While U.S. National Parks will generally remain open with a skeleton staff through the federal government shutdown, Republican governors in at least two states are working to make sure public restrooms get cleaned and visitor centers stay open.
The government shutdown of all but essential federal services due to a fight on Capitol Hill over funding for U.S. President Donald Trump’s wall on the Mexican border comes at the height of the Christmas travel season.
The National Park Service said this week that parks “will remain as accessible as possible,” in the same way as happened during a three-day government shutdown in January, when the gates to about two-thirds of national parks and monuments remained open.
“However services that require staffing and maintenance such as campgrounds and full-service restrooms will not be operating,” Jeremy Barnum, the National Parks Service chief spokesman, said in a statement.
The Republican governors of Utah and Arizona have promised to step in to fill some of the breach, in part to protect local businesses in and around some of the country’s most spectacular natural landscapes that depend on tourist spending.
“Regardless of what happens in Washington, the Grand Canyon will not close on our watch,” Arizona Governor Doug Ducey said in a statement on Friday. The Arizona Office of Tourism will help ensure that restrooms are cleaned, trash is collected and shuttle buses operate throughout the shutdown, Ducey said.
All five of Utah’s national parks will remain open, and the three most popular ones will have maintenance costs underwritten by the state during the shutdown, according to Vicki Varela, the Utah Office of Tourism’s managing director.
Zion National Park alone drew 107,000 visitors between Dec. 22 and Dec. 27 a year ago, Varela said.
“This time of year is the most remarkable time of year to experience it because the snow against that red rock is just breathtaking,” she said in a telephone interview.
Utah Governor Gary Herbert authorized the temporary funding for custodial and visitor center services, which will cost an estimated $18,000 to $19,000 for Zion. “It’s really modest on the part of the state to protect the quality of the experience for visitors,” Varela said.
In New York, the Statue of Liberty and Ellis Island closed down for a day during the January shutdown before Governor Andrew Cuomo, a Democrat, ordered state tourism funds be used to reopen them. His office did not respond to questions about whether he would repeat the exercise this weekend, and National Park Service officials in New York declined to discuss their plans.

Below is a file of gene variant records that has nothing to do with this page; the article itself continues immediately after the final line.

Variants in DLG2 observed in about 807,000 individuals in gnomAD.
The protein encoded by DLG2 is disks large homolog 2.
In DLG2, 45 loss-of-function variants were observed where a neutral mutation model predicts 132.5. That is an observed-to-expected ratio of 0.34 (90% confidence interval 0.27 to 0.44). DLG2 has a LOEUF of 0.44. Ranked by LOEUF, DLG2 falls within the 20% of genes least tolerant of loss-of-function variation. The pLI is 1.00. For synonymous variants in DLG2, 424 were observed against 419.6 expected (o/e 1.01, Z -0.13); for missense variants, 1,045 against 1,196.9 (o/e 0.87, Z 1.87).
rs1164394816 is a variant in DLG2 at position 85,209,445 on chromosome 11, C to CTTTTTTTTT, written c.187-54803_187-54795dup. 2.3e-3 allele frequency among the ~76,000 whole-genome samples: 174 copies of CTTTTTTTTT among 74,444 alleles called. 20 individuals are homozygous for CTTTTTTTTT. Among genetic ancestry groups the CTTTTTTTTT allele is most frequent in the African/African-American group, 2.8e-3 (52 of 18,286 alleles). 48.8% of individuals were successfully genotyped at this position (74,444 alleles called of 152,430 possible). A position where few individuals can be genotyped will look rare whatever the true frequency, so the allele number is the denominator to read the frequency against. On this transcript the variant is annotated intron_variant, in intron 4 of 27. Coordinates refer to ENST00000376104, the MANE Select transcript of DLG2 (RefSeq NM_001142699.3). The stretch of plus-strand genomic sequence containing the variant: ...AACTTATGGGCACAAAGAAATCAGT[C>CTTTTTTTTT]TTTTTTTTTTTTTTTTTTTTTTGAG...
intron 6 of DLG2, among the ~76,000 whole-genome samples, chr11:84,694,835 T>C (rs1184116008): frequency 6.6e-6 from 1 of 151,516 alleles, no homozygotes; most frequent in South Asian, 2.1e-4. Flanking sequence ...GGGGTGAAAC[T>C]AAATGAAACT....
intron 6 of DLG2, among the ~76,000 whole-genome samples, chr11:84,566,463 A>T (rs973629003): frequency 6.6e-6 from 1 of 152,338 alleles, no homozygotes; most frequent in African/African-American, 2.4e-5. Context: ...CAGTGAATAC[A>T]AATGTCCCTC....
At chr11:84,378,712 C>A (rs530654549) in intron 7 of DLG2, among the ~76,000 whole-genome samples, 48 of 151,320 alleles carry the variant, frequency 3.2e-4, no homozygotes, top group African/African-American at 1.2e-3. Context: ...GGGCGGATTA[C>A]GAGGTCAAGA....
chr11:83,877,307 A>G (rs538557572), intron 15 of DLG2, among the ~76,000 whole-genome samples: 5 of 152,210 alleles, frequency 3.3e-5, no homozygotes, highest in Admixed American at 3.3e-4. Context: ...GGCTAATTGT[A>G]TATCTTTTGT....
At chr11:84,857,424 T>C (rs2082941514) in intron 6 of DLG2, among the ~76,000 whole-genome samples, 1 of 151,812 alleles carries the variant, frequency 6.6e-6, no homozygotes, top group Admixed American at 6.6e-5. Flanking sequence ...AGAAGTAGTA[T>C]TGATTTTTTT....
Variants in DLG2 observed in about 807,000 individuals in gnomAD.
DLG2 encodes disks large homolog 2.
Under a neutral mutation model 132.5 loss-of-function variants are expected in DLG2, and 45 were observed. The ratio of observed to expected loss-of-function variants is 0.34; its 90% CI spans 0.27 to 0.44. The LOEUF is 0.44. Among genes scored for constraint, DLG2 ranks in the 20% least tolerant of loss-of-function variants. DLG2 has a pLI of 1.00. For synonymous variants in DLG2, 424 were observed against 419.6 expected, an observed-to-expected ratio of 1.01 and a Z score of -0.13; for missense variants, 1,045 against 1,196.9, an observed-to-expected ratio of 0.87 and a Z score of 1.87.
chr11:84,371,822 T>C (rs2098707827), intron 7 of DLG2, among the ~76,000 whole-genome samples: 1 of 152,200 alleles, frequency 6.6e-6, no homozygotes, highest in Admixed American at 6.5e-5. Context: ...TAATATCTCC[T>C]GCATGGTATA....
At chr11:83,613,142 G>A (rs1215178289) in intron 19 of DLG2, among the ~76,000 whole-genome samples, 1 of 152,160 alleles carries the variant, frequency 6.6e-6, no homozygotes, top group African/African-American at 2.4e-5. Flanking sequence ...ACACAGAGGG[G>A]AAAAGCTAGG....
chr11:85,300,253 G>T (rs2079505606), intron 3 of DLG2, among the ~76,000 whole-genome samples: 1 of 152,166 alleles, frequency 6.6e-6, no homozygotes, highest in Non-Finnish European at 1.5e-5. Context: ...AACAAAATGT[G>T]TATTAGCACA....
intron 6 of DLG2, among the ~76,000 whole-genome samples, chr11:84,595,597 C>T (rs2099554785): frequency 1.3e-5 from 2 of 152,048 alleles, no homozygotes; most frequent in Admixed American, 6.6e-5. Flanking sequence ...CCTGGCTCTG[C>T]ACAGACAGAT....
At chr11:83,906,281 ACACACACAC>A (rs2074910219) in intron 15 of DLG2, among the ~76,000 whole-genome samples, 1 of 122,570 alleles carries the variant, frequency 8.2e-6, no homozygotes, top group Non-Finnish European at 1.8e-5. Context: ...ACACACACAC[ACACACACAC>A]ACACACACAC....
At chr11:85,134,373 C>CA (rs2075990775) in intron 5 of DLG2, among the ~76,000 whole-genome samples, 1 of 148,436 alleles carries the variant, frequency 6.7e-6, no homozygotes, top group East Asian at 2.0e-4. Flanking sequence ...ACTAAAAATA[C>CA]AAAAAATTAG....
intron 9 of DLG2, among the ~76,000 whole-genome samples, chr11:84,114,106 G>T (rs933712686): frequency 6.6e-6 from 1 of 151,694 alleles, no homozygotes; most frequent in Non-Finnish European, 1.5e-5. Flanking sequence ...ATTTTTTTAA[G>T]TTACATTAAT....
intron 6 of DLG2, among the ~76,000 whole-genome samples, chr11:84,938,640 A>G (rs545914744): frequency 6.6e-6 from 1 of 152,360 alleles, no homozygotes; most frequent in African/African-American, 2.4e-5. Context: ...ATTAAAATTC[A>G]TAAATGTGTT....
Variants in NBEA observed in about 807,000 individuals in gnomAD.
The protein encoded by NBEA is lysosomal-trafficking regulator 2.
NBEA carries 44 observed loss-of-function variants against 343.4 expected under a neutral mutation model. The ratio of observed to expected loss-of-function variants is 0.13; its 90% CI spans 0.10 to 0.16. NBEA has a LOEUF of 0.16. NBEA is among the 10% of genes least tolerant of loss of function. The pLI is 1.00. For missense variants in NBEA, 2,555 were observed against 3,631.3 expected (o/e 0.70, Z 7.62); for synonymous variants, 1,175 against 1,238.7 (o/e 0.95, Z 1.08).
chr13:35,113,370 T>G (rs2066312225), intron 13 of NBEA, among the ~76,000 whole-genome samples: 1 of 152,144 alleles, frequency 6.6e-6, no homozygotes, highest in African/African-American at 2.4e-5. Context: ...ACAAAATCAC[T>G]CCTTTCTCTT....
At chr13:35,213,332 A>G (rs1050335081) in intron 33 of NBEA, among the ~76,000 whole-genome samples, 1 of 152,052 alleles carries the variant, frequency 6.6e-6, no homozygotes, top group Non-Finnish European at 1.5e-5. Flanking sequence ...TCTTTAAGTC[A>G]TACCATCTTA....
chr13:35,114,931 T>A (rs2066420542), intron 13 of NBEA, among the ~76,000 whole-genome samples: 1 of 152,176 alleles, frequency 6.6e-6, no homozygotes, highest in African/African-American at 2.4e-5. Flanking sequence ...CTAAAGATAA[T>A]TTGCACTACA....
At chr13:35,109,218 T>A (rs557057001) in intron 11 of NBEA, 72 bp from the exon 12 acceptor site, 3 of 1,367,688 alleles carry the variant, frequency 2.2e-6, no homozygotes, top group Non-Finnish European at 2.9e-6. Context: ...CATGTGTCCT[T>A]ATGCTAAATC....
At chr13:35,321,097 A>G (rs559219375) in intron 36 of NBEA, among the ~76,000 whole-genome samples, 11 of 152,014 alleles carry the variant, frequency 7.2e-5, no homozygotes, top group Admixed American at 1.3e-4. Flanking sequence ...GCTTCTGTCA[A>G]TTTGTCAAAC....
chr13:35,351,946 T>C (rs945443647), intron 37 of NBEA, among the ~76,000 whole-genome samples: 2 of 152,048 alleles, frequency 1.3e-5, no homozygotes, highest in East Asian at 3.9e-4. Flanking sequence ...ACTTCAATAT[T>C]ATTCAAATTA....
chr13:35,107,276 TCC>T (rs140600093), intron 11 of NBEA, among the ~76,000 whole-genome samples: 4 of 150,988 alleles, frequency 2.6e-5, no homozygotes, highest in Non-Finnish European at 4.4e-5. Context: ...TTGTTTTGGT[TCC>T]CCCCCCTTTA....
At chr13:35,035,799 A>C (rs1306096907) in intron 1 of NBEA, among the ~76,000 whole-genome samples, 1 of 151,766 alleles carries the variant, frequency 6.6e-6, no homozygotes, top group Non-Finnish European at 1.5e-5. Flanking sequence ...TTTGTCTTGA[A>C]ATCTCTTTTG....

Some conservationists warned that it was safer to shutter the parks entirely, as happened under Barack Obama’s presidential administration during a 2013 shutdown, rather than have them open with skeleton staff.
During the January shutdown, a pregnant elk was killed in Zion and tourists in Yellowstone drove snowmobiles dangerously close to the Old Faithful geyser, said Theresa Pierno, president of the National Parks Conservation Association.
“It’s unrealistic and dangerous to think that parks can remain open with only a skeleton crew and continue with business as usual,” Pierno said in a statement
New Zealand may postpone general election after 4 test positive for COVID-19: PM Jacinda Ardern
New Zealand locked down nursing homes nationwide Wednesday after a 102-day streak without the coronavirus ended, as Prime Minister Jacinda Ardern said the outbreak could force her to postpone next month's general election.
Ardern said authorities were scrambling to trace anyone who had been in contact with four Auckland residents who tested positive Tuesday, ending the dream run in which the virus had been contained at New Zealand's borders.
A three-day stay-at-home order for Auckland, New Zealand's biggest city with a population of 1.5 million, was announced on Tuesday night and went into force at lunchtime on Wednesday.
Android phones to get ‘ShakeAlert’ earthquake warnings — and phones may double as tremor detectors
Android phones will receive warnings triggered by a "ShakeAlert" earthquake early-warning system implemented on the West Coast by the US Geological Survey and partners.
ShakeAlert uses signals from hundreds of seismometers across the state to trigger warning messages that "an earthquake has begun and shaking is imminent," according to the system's website.
"We saw an opportunity to use Android to provide people with timely, helpful earthquake information when they search, as well as a few seconds warning to get themselves and their loved ones to safety if needed," principal software engineer Marc Stogaitis said in a blog post.
‘Don’t talk about racism, racist’: Trump scorched after claiming Biden-Harris campaign has a ‘racism problem’
President Donald Trump continued to lash out at Kamala Harris after the California Democrat was chosen to join the 2020 Democratic Party ticket as presumptive nominee Joe Biden's running mate.
At a news conference following the selection, Trump complained about Harris being "nasty."
After 10 p.m. on Monday, Trump tweeted out an attack ad claiming "Joe Biden has a racism problem."
Here's some of what people were saying about Trump's line of attack: